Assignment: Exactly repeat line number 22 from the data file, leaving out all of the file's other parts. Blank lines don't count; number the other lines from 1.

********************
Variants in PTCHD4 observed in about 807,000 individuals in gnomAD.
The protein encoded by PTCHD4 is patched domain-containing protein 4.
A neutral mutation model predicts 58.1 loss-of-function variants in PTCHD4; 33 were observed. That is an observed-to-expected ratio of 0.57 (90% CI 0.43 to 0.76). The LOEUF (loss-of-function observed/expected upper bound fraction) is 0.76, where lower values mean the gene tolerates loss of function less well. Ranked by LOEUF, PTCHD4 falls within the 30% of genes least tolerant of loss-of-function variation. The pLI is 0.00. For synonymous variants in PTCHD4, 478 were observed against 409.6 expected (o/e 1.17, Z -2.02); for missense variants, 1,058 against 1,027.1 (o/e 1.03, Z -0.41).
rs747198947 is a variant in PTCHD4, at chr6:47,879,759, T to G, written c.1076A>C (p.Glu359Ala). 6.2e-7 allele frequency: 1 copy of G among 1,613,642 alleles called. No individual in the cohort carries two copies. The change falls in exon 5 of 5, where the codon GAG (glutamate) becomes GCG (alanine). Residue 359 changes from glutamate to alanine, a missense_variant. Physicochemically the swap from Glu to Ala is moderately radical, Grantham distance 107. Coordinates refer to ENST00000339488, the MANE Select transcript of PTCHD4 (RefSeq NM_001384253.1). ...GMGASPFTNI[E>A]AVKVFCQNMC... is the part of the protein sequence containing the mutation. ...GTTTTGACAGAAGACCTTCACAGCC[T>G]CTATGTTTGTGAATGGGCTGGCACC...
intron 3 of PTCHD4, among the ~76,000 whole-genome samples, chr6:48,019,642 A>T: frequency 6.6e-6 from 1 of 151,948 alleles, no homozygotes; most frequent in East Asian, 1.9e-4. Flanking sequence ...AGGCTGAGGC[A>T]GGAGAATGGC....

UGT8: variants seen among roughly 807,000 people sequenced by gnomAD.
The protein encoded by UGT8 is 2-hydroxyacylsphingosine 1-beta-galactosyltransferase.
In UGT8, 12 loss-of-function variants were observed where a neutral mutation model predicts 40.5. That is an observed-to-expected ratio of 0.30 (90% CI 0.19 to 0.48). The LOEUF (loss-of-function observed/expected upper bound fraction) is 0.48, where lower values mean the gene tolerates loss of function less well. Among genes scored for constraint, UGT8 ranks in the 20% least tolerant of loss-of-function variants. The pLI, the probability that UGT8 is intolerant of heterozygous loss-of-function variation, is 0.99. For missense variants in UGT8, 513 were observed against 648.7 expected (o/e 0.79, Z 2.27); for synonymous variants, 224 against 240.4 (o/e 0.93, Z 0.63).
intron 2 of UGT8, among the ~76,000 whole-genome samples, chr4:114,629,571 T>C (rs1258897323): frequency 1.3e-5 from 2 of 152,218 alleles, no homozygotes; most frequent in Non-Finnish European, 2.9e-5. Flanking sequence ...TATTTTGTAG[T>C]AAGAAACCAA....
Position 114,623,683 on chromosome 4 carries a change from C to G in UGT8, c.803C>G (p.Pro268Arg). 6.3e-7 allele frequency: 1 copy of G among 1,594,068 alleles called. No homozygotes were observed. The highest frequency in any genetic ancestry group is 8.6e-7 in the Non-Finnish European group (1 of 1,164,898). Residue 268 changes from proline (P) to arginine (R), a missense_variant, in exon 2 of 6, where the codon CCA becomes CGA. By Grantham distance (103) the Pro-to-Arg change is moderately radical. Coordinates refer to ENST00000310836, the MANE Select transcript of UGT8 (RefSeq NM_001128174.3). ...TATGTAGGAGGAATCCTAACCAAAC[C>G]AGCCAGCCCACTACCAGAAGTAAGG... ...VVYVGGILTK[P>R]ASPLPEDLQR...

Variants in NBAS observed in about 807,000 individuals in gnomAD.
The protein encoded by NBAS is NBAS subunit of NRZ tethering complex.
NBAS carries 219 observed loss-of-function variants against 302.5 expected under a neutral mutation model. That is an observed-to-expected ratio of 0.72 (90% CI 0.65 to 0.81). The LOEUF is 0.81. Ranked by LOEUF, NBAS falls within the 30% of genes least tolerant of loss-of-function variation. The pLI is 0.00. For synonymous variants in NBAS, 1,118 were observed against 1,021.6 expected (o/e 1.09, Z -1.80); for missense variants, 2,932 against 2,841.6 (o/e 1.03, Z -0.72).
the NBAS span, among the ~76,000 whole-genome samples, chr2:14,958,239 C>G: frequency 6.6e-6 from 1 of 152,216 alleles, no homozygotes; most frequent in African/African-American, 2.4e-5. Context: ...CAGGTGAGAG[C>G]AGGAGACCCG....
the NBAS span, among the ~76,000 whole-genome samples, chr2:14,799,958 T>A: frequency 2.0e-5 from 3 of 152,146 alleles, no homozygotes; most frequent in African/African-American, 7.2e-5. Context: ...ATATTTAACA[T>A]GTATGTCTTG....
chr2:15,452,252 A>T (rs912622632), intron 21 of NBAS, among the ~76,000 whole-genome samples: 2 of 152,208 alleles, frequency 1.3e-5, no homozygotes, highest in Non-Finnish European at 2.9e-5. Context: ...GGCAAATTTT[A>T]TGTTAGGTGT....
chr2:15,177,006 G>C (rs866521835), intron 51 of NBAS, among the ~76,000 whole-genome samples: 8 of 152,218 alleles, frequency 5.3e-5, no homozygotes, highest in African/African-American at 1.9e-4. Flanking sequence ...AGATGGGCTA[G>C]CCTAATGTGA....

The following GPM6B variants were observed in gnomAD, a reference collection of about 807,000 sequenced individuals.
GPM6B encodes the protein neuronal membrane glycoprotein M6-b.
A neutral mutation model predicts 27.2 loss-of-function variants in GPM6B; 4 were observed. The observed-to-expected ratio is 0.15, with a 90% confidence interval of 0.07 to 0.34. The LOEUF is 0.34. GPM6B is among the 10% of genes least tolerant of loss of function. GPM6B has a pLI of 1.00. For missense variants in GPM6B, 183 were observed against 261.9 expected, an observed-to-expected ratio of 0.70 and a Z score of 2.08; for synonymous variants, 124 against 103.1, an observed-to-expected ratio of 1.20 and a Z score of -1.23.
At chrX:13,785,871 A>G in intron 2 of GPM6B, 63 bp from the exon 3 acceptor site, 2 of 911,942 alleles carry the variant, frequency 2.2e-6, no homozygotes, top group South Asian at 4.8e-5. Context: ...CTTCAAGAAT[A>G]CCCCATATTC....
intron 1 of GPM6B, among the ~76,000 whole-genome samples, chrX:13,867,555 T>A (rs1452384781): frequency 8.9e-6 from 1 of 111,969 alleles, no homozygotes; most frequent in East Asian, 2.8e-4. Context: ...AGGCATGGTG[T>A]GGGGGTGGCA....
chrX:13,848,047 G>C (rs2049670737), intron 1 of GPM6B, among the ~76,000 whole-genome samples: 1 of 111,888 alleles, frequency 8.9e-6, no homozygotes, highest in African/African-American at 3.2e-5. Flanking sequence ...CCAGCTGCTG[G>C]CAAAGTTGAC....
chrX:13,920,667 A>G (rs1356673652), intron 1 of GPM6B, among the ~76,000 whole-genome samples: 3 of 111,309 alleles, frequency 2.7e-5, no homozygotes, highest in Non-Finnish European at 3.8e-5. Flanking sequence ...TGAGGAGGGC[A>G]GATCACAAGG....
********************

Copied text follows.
intron 1 of GPM6B, among the ~76,000 whole-genome samples, chrX:13,867,555 T>A (rs1452384781): frequency 8.9e-6 from 1 of 111,969 alleles, no homozygotes; most frequent in East Asian, 2.8e-4. Context: ...AGGCATGGTG[T>A]GGGGGTGGCA....